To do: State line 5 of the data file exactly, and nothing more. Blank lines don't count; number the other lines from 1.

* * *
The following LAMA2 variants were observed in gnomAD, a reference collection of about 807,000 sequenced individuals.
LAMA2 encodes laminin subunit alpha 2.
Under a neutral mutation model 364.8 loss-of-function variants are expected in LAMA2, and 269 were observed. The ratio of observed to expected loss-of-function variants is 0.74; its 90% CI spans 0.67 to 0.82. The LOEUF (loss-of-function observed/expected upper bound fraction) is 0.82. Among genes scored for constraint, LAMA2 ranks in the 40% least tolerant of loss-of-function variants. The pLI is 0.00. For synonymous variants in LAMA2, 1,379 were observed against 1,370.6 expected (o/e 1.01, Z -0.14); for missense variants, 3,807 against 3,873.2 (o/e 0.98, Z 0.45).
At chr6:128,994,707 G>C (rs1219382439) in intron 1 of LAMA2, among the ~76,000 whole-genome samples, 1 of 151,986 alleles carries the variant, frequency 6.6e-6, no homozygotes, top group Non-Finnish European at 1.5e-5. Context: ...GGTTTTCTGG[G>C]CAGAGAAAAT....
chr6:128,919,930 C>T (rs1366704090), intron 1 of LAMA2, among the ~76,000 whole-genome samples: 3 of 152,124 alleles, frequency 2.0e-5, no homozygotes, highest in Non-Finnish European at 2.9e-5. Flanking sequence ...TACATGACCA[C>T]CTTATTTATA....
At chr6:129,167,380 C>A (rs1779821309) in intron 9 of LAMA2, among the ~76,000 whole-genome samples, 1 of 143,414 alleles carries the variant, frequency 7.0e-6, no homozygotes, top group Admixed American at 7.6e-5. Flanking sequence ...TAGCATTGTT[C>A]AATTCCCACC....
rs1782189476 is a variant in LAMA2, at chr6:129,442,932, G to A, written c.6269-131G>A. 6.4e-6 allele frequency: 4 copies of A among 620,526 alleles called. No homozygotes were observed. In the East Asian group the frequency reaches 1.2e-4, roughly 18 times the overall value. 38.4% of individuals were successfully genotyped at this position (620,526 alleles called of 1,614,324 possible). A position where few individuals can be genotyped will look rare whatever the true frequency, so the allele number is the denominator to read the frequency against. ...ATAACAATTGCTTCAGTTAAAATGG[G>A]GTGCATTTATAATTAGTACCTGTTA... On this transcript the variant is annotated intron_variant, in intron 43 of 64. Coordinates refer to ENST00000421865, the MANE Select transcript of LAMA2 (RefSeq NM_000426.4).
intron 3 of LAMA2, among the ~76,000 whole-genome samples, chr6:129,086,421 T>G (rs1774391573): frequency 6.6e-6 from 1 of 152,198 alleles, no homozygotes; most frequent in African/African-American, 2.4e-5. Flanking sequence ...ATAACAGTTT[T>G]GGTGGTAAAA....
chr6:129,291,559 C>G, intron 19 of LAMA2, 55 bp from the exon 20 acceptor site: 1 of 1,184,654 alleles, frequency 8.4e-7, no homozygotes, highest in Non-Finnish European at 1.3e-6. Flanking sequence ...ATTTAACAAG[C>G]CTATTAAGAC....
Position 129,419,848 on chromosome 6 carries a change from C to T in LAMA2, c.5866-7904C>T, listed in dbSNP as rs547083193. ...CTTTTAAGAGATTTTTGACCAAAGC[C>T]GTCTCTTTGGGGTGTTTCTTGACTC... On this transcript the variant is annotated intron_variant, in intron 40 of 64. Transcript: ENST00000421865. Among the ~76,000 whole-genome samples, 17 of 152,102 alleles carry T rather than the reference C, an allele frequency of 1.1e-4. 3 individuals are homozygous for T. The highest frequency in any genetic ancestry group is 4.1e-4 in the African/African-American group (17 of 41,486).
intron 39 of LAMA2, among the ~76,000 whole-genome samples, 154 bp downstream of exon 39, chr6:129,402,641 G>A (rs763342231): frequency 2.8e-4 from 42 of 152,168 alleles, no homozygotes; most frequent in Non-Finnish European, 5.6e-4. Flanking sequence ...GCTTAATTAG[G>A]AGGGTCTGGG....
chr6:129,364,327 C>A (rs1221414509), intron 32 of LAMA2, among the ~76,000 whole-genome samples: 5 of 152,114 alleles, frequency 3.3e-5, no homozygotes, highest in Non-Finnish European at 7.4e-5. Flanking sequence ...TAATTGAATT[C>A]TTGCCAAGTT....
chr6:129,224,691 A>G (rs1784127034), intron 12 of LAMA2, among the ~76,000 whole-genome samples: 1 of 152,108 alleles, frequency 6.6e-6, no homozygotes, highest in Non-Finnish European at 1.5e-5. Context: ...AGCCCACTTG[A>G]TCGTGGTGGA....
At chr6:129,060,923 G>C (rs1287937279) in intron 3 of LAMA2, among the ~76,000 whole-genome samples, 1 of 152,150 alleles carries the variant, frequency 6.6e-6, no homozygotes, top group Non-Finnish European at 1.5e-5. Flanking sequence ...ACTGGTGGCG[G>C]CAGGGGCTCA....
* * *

chr6:128,919,930 C>T (rs1366704090), intron 1 of LAMA2, among the ~76,000 whole-genome samples: 3 of 152,124 alleles, frequency 2.0e-5, no homozygotes, highest in Non-Finnish European at 2.9e-5. Flanking sequence ...TACATGACCA[C>T]CTTATTTATA....